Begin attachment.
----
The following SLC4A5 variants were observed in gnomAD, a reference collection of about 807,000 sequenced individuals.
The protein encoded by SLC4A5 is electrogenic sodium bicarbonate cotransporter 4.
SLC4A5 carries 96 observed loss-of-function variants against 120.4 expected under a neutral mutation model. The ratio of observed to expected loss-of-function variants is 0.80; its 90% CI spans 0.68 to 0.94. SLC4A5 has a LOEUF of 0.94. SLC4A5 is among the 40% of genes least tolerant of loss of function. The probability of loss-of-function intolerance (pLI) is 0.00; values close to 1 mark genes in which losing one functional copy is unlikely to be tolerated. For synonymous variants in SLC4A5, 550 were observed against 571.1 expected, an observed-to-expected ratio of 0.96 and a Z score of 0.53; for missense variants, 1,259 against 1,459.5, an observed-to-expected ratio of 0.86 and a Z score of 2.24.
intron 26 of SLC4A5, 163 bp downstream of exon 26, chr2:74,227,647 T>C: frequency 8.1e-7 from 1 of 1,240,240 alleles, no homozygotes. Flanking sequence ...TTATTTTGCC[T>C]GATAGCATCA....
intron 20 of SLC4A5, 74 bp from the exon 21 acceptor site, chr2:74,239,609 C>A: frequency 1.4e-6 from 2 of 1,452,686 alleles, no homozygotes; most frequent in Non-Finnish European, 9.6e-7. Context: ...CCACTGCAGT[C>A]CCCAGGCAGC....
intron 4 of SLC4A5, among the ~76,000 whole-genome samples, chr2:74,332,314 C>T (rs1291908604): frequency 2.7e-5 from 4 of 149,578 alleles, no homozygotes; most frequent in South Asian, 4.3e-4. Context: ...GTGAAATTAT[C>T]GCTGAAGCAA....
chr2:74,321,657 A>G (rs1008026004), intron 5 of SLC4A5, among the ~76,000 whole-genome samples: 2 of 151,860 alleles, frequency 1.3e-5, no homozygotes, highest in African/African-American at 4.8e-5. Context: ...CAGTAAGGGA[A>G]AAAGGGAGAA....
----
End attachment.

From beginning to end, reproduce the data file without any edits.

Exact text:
The following SLC4A5 variants were observed in gnomAD, a reference collection of about 807,000 sequenced individuals.
The protein encoded by SLC4A5 is electrogenic sodium bicarbonate cotransporter 4.
SLC4A5 carries 96 observed loss-of-function variants against 120.4 expected under a neutral mutation model. The ratio of observed to expected loss-of-function variants is 0.80; its 90% CI spans 0.68 to 0.94. SLC4A5 has a LOEUF of 0.94. SLC4A5 is among the 40% of genes least tolerant of loss of function. The probability of loss-of-function intolerance (pLI) is 0.00; values close to 1 mark genes in which losing one functional copy is unlikely to be tolerated. For synonymous variants in SLC4A5, 550 were observed against 571.1 expected, an observed-to-expected ratio of 0.96 and a Z score of 0.53; for missense variants, 1,259 against 1,459.5, an observed-to-expected ratio of 0.86 and a Z score of 2.24.
intron 26 of SLC4A5, 163 bp downstream of exon 26, chr2:74,227,647 T>C: frequency 8.1e-7 from 1 of 1,240,240 alleles, no homozygotes. Flanking sequence ...TTATTTTGCC[T>C]GATAGCATCA....
intron 20 of SLC4A5, 74 bp from the exon 21 acceptor site, chr2:74,239,609 C>A: frequency 1.4e-6 from 2 of 1,452,686 alleles, no homozygotes; most frequent in Non-Finnish European, 9.6e-7. Context: ...CCACTGCAGT[C>A]CCCAGGCAGC....
intron 4 of SLC4A5, among the ~76,000 whole-genome samples, chr2:74,332,314 C>T (rs1291908604): frequency 2.7e-5 from 4 of 149,578 alleles, no homozygotes; most frequent in South Asian, 4.3e-4. Context: ...GTGAAATTAT[C>T]GCTGAAGCAA....
chr2:74,321,657 A>G (rs1008026004), intron 5 of SLC4A5, among the ~76,000 whole-genome samples: 2 of 151,860 alleles, frequency 1.3e-5, no homozygotes, highest in African/African-American at 4.8e-5. Context: ...CAGTAAGGGA[A>G]AAAGGGAGAA....